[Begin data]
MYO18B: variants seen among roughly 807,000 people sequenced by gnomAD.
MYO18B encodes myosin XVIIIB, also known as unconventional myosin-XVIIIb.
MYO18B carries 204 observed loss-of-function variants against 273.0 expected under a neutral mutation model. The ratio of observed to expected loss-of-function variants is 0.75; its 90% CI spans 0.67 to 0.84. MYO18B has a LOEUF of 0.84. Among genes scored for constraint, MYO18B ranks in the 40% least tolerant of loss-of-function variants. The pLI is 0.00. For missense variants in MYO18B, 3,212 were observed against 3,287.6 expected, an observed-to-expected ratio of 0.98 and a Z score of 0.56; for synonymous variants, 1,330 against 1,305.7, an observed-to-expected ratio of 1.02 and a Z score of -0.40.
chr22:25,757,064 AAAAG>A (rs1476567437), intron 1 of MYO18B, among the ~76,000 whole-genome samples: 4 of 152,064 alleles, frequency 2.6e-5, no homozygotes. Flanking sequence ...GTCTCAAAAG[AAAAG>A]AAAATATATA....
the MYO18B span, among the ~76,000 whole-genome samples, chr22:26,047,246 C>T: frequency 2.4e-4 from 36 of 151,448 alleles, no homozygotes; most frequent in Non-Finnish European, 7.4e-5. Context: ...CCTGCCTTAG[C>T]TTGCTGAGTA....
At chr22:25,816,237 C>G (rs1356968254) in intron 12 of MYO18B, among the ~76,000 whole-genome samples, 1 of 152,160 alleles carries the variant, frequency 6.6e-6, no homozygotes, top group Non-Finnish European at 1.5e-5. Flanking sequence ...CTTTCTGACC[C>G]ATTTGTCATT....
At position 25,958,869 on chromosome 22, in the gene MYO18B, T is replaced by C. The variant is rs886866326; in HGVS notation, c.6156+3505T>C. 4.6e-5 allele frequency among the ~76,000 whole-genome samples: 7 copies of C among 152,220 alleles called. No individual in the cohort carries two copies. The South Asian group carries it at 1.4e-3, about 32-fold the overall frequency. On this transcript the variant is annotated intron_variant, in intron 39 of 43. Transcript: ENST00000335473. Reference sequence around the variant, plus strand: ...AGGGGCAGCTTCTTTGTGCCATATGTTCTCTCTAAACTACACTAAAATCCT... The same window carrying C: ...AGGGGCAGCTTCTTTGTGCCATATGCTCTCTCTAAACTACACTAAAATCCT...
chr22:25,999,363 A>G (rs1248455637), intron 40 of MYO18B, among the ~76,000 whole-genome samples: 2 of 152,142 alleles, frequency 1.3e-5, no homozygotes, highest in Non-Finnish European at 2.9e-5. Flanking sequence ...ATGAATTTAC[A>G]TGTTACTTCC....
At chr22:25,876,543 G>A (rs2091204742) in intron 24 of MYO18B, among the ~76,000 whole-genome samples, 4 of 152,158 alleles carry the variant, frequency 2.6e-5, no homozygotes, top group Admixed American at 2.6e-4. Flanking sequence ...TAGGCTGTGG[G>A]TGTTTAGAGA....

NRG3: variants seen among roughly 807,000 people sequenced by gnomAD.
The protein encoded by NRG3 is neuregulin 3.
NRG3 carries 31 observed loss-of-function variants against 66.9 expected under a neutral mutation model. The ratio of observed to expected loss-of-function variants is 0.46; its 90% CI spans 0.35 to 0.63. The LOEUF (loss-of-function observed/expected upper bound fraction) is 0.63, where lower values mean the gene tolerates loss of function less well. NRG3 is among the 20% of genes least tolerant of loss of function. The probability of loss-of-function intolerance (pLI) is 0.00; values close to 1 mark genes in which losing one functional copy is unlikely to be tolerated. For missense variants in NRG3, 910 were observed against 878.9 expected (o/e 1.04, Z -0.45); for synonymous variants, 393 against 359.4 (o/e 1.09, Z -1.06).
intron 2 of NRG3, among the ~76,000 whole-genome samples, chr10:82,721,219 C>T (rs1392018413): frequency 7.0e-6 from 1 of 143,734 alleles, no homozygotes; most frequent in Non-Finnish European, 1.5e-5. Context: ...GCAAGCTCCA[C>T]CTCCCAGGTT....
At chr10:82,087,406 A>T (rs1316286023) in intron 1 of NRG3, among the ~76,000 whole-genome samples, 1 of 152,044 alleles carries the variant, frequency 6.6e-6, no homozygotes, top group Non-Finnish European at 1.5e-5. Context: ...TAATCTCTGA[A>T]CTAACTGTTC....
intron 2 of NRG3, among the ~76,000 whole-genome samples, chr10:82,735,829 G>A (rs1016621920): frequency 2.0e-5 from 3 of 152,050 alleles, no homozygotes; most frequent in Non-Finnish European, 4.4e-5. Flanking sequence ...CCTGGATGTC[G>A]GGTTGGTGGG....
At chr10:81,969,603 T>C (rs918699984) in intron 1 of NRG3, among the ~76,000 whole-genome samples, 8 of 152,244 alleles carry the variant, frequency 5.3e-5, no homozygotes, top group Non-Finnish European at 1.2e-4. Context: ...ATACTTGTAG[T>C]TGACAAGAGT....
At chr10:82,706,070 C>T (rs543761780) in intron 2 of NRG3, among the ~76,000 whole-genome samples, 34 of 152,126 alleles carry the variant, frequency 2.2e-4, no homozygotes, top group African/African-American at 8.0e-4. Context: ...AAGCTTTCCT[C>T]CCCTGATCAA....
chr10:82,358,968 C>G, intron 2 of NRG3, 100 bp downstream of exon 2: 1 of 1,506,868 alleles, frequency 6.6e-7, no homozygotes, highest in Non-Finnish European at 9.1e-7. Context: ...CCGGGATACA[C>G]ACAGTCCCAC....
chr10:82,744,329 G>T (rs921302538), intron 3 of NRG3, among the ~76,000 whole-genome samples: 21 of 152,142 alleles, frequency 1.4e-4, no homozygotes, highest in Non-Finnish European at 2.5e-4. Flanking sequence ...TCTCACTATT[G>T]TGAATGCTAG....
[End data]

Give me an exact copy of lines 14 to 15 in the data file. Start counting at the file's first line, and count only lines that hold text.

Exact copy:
At chr10:82,087,406 A>T (rs1316286023) in intron 1 of NRG3, among the ~76,000 whole-genome samples, 1 of 152,044 alleles carries the variant, frequency 6.6e-6, no homozygotes, top group Non-Finnish European at 1.5e-5. Context: ...TAATCTCTGA[A>T]CTAACTGTTC....
intron 2 of NRG3, among the ~76,000 whole-genome samples, chr10:82,735,829 G>A (rs1016621920): frequency 2.0e-5 from 3 of 152,050 alleles, no homozygotes; most frequent in Non-Finnish European, 4.4e-5. Flanking sequence ...CCTGGATGTC[G>A]GGTTGGTGGG....